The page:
In retrospect, the familiar academic strengths of skepticism and an insistence on viewing issues from multiple perspectives could have helped. Both of those qualities might have encouraged us to question the notion that the U.S. economy would keep on growing and with it the global economy. Both of those qualities are also at the heart of a strong liberal education. At its best, a liberal education fosters a deep sense of skepticism about accepted dogma. That sense means that one should not accept explanations for what is going on in the world without demanding the evidence to back up those explanations, weighing the evidence against possible competing claims, and then reaching considered judgments based on rational analysis rooted in the evidence. A liberal education should provide the intellectual tools for this process of deep inquiry. It should also provide multiple lenses through which to view the world and its problems. The ability to see issues from varying vantage points is critical to the exercise of good judgment in complex situations.
The application of critical analysis and good judgment to economic issues is important for all students, but surely it is essential for students majoring in business. Business leaders need to understand the historical, cultural, scientific, organizational, and political contexts of their domain, and these are best gained through liberal education. This need raises for us a question: to what extent are undergraduates majoring in business on campuses across the country gaining these and the other attributes of a strong liberal education? My Carnegie Foundation colleagues and I are currently engaged in a project to study just that issue. We are undertaking this work because we think that unless the central goals of a liberal education are integrated with business education, students majoring in business will be deprived of a broad education that prepares them for leadership in their work, and they will not gain the intellectual, moral, and civic learning they need to be responsible individuals and members of their communities.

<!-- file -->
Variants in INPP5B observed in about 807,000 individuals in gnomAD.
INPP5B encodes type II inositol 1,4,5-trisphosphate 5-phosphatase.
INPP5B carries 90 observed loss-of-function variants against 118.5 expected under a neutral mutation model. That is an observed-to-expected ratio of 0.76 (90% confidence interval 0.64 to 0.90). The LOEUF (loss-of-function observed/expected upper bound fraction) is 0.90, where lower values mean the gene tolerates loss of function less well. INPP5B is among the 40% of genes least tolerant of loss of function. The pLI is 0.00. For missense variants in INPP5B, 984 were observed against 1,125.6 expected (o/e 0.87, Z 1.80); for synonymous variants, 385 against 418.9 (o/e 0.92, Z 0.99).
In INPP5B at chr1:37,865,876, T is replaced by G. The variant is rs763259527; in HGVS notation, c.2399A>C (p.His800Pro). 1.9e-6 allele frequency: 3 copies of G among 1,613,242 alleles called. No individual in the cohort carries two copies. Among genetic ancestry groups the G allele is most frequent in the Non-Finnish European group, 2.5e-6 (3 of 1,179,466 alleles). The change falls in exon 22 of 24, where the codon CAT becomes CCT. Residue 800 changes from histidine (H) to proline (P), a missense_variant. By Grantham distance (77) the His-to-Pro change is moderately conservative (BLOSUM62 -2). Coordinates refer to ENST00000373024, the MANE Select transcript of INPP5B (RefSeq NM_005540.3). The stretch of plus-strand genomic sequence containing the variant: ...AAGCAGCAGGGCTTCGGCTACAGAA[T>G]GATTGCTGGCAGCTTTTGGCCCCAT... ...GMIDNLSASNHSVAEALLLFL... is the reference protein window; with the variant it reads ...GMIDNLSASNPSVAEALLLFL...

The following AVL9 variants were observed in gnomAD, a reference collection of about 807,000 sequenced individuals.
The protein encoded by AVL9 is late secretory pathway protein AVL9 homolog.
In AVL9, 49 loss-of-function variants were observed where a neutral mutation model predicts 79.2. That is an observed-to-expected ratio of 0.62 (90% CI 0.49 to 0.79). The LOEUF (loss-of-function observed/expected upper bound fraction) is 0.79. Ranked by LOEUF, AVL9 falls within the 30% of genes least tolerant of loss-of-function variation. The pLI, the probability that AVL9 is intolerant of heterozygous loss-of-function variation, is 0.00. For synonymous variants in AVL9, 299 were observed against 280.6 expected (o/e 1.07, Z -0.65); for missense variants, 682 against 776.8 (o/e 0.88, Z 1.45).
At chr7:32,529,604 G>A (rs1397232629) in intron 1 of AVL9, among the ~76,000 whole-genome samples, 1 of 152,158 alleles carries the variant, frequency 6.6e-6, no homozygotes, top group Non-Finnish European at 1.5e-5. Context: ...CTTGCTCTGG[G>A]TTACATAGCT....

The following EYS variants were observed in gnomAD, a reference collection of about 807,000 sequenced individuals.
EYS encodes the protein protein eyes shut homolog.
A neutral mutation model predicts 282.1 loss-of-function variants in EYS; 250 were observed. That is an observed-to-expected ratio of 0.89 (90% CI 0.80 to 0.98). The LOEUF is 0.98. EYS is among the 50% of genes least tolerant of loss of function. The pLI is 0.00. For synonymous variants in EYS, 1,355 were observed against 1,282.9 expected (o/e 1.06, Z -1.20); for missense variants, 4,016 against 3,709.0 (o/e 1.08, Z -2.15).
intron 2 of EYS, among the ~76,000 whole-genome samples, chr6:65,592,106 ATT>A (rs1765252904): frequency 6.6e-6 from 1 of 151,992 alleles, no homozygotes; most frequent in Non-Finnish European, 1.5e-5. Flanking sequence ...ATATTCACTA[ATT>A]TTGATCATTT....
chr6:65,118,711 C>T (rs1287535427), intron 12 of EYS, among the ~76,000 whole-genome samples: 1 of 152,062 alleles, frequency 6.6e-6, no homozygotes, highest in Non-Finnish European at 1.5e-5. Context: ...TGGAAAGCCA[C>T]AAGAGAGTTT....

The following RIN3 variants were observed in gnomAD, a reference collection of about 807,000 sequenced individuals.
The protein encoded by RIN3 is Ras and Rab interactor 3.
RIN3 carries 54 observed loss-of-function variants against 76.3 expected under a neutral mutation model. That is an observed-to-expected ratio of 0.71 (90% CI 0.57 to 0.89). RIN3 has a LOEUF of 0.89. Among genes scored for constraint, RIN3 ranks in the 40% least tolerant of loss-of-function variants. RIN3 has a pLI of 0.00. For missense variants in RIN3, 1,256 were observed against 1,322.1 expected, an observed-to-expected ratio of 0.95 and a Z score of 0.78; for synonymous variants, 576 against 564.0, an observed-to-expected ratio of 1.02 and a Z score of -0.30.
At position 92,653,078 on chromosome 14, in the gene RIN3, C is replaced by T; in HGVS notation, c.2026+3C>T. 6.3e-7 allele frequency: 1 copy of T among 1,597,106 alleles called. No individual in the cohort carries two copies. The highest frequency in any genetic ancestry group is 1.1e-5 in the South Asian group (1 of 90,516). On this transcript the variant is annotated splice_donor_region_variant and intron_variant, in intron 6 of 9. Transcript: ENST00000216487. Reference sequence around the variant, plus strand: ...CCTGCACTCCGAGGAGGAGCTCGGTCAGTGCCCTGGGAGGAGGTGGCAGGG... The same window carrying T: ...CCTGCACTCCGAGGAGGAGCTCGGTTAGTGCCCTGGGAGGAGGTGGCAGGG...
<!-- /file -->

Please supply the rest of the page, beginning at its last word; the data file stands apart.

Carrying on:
We think that the liberal arts have much to offer those training for careers in business to understand better how we arrived at the current economic crisis and how we might work our way out. We also believe that the liberal arts can benefit from business education-this learning street should be two-way-and we have some ideas for ways to promote this benefit. But my focus in this brief commentary is on bringing liberal arts sensibilities into the business curriculum. So, for example, business programs could help students consider a range of alternatives to assumptions that previously have been taken for granted.These include assumptions about the operations of the economy that have recently been called into question. And this intellectual broadening needs to be paired with judgment grounded in a concern for the wellbeing of all, another hallmark of liberal learning.
In his second inaugural, to a country reeling from a depression, Franklin Roosevelt said that, "We have always known that heedless self-interest was bad morals; we know now that it is bad economics." We should not need a second depression to relearn that lesson. I hope that faculty who teach in colleges and universities can help us think through what good economics looks like.
© 2009 The Carnegie Foundation for the Advancement of Teaching